(CNN) — Former cycling champ Lance Armstrong struck two parked vehicles as he drove home from a night of partying but wasn’t charged until his longtime girlfriend admitted she wasn’t behind the wheel, according to police in Aspen, Colorado.
Armstrong, 43, was cited for two misdemeanors: Duty to report accidents and exceeding the safe speed for conditions, police said. Police served a summons on Armstrong through his lawyer so Armstrong was not questioned by police or quoted in the police report.
The same charges had been filed against his girlfriend, Anna Hansen, 33, but were dropped after she admitted lying, the police report said. No other charges were filed.
When asked if Armstrong persuaded her to take the blame, Hansen said, according to the police report: “No, that was a joint decision and um, you know we’ve had our family name smeared over every paper in the world in the last couple of years and … I thought, ‘Gosh, Anna Hansen hit some cars, it’s not going to show up in the papers, but Lance Armstrong hit some cars, it’s going to be a national story.’ ”
The arrest is another embarrassing incident for Armstrong, who fell from grace after being one of the world’s most revered and inspirational athletes.
Armstrong recovered from a near-fatal bout of testicular cancer and went on to win seven Tour de Frances, raising millions for cancer research and making millions for himself. But rumors he used performance-enhancing drugs dogged him for years. In 2012, the U.S. Anti-Doping Agency filed a report alleging Armstrong was at the center of a doping program during his heyday in cycling — something Armstrong has always denied.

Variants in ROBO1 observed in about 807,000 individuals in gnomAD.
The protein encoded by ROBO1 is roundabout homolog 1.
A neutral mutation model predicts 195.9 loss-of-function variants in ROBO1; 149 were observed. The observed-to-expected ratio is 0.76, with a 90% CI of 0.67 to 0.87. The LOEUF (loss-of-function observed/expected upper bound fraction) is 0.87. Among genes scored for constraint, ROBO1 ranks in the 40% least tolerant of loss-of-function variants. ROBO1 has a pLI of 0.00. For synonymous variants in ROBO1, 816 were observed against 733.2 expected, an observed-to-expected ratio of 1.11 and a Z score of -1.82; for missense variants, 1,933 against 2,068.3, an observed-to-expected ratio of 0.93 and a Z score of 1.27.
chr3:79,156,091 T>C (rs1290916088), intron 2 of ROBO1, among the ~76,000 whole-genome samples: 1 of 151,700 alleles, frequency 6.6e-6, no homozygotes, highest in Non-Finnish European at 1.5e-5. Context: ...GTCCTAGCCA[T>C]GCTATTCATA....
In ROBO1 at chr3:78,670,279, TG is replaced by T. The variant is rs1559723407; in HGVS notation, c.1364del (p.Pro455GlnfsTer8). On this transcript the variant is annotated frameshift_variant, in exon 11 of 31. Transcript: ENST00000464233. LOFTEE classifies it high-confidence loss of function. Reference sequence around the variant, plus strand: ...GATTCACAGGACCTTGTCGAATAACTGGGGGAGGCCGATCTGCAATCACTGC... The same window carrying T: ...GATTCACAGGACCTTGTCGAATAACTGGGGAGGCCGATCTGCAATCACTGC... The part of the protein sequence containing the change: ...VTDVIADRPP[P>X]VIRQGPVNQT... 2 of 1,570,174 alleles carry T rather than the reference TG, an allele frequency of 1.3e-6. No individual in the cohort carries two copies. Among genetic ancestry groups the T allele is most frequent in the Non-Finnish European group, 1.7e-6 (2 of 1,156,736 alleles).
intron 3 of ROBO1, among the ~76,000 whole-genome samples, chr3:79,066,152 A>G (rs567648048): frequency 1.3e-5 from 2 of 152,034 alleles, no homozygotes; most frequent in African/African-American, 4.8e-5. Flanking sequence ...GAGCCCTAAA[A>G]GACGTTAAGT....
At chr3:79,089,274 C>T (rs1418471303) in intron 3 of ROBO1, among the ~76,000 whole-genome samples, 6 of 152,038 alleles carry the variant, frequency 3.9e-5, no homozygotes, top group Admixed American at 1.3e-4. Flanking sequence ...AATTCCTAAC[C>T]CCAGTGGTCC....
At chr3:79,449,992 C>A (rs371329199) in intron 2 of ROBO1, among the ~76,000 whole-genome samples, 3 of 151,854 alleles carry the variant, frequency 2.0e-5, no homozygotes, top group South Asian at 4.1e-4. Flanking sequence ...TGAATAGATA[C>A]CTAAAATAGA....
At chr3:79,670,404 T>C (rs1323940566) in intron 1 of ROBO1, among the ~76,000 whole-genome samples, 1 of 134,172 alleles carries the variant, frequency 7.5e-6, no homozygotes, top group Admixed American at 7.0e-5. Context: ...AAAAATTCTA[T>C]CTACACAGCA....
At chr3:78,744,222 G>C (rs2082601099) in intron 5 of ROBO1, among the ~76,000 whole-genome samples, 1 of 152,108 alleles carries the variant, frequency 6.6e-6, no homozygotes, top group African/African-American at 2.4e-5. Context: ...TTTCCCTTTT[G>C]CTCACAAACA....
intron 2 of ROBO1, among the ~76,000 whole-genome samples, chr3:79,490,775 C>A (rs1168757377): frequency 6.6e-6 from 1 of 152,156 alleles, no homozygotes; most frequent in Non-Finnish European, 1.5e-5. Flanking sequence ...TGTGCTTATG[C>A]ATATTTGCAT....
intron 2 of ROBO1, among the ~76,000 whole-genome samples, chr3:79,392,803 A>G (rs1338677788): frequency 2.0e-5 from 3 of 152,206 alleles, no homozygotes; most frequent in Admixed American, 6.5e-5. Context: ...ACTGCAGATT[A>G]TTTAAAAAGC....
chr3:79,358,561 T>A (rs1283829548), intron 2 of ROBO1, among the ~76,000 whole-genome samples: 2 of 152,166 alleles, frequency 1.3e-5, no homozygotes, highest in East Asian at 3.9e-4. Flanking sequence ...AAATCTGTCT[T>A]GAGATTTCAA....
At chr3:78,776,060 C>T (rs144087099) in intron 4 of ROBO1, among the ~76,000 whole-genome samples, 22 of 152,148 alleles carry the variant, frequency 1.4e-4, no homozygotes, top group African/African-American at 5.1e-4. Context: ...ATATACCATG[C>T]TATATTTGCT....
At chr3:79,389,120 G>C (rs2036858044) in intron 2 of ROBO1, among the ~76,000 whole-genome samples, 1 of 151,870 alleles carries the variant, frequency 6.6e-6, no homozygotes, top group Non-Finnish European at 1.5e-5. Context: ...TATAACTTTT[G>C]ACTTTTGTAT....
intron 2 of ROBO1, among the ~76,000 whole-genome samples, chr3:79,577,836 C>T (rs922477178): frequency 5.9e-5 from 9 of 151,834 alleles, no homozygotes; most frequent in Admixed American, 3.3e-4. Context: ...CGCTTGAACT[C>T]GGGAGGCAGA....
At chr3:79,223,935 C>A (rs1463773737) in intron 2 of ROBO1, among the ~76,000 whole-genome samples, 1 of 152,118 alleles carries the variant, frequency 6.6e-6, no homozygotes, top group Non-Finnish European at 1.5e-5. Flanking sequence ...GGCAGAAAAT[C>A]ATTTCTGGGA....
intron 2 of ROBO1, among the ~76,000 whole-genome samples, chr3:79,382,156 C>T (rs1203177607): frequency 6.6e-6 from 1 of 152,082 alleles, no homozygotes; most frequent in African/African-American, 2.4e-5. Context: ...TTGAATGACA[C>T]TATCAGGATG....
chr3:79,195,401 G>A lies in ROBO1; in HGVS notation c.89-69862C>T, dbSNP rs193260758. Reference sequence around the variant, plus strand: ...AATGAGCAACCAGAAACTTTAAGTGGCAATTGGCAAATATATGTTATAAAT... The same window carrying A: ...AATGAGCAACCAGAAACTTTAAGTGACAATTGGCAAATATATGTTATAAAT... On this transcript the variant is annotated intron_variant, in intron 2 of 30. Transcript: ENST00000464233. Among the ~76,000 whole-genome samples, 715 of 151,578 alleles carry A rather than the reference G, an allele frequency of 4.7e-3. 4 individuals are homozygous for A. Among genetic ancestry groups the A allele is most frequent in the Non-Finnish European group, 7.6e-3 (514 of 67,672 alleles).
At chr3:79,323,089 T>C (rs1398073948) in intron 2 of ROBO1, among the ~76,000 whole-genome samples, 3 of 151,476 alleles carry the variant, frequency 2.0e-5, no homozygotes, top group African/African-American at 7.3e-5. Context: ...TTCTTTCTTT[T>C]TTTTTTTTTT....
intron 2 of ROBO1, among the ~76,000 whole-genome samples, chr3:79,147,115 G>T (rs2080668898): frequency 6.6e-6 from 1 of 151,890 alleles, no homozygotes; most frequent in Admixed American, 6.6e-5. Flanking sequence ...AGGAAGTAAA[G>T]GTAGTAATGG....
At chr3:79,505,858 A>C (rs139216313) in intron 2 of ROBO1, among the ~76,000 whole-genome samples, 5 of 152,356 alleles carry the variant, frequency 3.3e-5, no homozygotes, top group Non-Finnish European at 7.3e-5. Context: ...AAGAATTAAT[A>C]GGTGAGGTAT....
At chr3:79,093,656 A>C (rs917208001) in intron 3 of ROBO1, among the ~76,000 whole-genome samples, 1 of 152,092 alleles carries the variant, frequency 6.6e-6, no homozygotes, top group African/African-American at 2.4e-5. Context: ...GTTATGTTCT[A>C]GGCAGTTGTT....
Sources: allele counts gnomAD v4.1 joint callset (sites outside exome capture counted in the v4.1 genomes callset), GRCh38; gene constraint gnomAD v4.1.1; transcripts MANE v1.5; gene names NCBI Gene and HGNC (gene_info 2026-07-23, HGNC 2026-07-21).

After he stopped contesting the doping allegations, Armstrong was stripped of his Tour de France titles and Olympic cycling medal. He went on Oprah Winfrey’s television network and admitted he doped and had lied about it. He was sued and lost endorsements.
Hansen told police she drove an SUV home from an art museum party the night of December 28 because “Lance had a little bit to drink,” the report said.
She said she lost control on a snowy street, hit two parked vehicles, parked around the corner and provided contact information to the people renting the vehicles, the report said. She told them she and Armstrong would pay for the damage and drove home, the report said. Police talked to her the next day and got her side of the story.
The officer was suspicious of Hansen’s story and talked to a car valet at the museum, who said Armstrong drove away that night, the report said.
On December 31, Hansen talked to police again, this time with her lawyer, and changed her story to say Armstrong was the driver.
When the officer asked if Armstrong was intoxicated, as she earlier indicated, Hansen said, according to the report: “He was not intoxicated, and that was um, you know, I’m sorry I lied to you that morning but I was trying to make it sound like well I was driving because that was just, I don’t know, I’m not in the habit of lying in general and especially not to police officers so, I don’t know I was just trying to make something up at that time.”
She said Armstrong is “prepared to admit driving the car and accept responsibility for the crash,” the report said.
Armstrong is scheduled to appear in Pitkin County Court on March 17.
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